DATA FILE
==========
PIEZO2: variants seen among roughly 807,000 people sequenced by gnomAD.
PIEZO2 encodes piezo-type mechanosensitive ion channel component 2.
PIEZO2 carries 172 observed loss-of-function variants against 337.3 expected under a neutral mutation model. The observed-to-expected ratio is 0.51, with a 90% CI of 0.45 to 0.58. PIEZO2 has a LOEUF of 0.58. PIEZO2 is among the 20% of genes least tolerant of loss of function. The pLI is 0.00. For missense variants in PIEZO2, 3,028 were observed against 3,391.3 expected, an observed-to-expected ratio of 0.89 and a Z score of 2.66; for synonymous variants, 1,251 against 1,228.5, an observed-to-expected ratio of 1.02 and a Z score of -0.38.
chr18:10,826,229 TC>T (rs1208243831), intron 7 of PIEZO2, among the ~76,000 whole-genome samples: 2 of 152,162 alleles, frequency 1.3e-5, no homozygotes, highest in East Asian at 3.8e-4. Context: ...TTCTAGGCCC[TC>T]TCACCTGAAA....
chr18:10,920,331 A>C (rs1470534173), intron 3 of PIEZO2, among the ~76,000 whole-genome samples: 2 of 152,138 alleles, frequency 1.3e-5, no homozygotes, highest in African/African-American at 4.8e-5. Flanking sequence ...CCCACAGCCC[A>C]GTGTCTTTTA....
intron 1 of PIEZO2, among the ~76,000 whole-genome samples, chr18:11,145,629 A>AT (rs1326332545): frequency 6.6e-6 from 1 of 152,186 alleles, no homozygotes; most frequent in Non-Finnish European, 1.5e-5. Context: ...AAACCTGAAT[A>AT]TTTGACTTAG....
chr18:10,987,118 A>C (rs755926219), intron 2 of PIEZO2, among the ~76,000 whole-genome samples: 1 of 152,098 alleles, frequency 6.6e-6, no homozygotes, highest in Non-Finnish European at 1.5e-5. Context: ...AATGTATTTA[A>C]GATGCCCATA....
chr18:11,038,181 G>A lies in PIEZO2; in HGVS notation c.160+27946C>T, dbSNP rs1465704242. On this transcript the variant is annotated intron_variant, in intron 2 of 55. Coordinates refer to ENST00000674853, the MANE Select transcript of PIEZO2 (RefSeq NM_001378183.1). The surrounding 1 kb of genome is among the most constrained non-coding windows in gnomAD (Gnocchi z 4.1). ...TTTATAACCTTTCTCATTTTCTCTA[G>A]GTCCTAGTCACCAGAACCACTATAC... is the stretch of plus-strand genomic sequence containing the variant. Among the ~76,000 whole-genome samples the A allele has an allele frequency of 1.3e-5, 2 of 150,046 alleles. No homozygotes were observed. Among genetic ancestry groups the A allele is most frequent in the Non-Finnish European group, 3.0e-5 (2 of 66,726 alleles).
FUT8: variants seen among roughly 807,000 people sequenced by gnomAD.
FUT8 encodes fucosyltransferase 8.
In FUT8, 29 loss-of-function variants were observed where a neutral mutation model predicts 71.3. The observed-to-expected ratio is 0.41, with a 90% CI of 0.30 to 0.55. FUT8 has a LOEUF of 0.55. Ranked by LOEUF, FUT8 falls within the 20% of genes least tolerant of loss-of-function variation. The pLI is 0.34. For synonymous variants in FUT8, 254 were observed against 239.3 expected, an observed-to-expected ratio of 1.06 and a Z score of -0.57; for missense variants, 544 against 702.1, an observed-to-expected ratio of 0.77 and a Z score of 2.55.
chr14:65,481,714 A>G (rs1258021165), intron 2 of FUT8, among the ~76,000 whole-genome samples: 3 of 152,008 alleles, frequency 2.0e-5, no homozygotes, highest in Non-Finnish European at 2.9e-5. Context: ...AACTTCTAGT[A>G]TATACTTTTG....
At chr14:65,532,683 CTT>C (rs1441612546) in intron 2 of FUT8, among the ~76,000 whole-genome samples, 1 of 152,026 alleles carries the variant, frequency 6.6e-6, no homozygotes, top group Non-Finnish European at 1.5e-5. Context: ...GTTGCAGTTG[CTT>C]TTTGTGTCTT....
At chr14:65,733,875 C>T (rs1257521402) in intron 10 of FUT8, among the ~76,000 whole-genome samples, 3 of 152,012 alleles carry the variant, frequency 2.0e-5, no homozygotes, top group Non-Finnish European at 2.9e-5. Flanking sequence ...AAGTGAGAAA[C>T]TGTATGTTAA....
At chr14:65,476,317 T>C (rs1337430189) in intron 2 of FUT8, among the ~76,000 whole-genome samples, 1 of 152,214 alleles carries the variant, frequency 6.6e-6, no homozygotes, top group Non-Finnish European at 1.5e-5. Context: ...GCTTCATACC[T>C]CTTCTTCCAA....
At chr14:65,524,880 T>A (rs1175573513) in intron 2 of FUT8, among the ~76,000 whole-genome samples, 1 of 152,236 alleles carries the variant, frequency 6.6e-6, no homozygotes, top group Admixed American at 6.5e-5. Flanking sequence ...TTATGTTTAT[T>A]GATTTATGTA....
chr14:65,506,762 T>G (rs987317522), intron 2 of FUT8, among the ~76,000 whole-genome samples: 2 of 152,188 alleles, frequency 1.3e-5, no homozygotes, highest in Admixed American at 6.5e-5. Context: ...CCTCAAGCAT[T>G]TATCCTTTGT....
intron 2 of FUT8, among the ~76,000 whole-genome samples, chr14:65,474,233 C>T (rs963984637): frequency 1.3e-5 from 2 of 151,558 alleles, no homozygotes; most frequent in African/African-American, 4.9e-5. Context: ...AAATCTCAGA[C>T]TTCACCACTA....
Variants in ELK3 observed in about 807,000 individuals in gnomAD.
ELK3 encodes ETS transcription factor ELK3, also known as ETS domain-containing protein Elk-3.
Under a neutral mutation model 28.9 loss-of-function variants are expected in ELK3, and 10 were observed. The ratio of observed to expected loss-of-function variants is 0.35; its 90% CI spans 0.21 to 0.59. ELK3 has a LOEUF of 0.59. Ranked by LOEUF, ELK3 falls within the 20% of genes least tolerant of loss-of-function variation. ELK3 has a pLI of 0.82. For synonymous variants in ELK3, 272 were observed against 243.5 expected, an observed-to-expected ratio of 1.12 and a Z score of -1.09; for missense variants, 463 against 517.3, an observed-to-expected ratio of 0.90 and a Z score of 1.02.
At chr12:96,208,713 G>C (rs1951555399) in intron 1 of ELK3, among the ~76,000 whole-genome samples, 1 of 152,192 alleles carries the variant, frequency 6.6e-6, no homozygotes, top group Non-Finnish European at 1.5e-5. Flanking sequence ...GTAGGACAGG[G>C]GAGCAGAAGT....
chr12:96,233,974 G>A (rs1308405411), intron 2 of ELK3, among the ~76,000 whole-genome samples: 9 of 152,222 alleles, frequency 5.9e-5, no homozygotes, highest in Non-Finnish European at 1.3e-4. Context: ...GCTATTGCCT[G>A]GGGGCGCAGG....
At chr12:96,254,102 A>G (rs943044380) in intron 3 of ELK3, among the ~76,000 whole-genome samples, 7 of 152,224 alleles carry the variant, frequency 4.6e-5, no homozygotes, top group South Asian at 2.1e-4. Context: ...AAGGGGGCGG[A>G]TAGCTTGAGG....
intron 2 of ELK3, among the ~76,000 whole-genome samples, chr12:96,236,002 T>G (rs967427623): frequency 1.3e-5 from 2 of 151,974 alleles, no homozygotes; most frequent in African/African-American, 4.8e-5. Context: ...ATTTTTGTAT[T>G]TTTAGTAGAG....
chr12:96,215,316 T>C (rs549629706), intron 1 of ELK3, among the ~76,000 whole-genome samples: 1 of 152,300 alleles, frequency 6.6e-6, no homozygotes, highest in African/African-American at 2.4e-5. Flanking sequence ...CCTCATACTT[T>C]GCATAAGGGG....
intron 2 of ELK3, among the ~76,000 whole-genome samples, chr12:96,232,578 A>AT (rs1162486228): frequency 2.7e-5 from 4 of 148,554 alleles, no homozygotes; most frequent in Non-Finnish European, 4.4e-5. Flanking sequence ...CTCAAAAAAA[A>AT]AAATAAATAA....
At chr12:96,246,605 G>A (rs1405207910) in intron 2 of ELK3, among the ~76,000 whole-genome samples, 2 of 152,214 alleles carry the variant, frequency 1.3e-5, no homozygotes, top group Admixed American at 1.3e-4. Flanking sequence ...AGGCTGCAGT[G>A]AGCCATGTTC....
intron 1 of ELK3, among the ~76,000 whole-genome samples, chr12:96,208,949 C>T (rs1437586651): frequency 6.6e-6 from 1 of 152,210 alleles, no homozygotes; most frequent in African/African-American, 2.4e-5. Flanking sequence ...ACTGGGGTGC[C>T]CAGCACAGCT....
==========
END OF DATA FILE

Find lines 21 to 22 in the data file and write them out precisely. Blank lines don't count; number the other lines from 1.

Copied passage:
Under a neutral mutation model 28.9 loss-of-function variants are expected in ELK3, and 10 were observed. The ratio of observed to expected loss-of-function variants is 0.35; its 90% CI spans 0.21 to 0.59. ELK3 has a LOEUF of 0.59. Ranked by LOEUF, ELK3 falls within the 20% of genes least tolerant of loss-of-function variation. ELK3 has a pLI of 0.82. For synonymous variants in ELK3, 272 were observed against 243.5 expected, an observed-to-expected ratio of 1.12 and a Z score of -1.09; for missense variants, 463 against 517.3, an observed-to-expected ratio of 0.90 and a Z score of 1.02.
At chr12:96,208,713 G>C (rs1951555399) in intron 1 of ELK3, among the ~76,000 whole-genome samples, 1 of 152,192 alleles carries the variant, frequency 6.6e-6, no homozygotes, top group Non-Finnish European at 1.5e-5. Flanking sequence ...GTAGGACAGG[G>C]GAGCAGAAGT....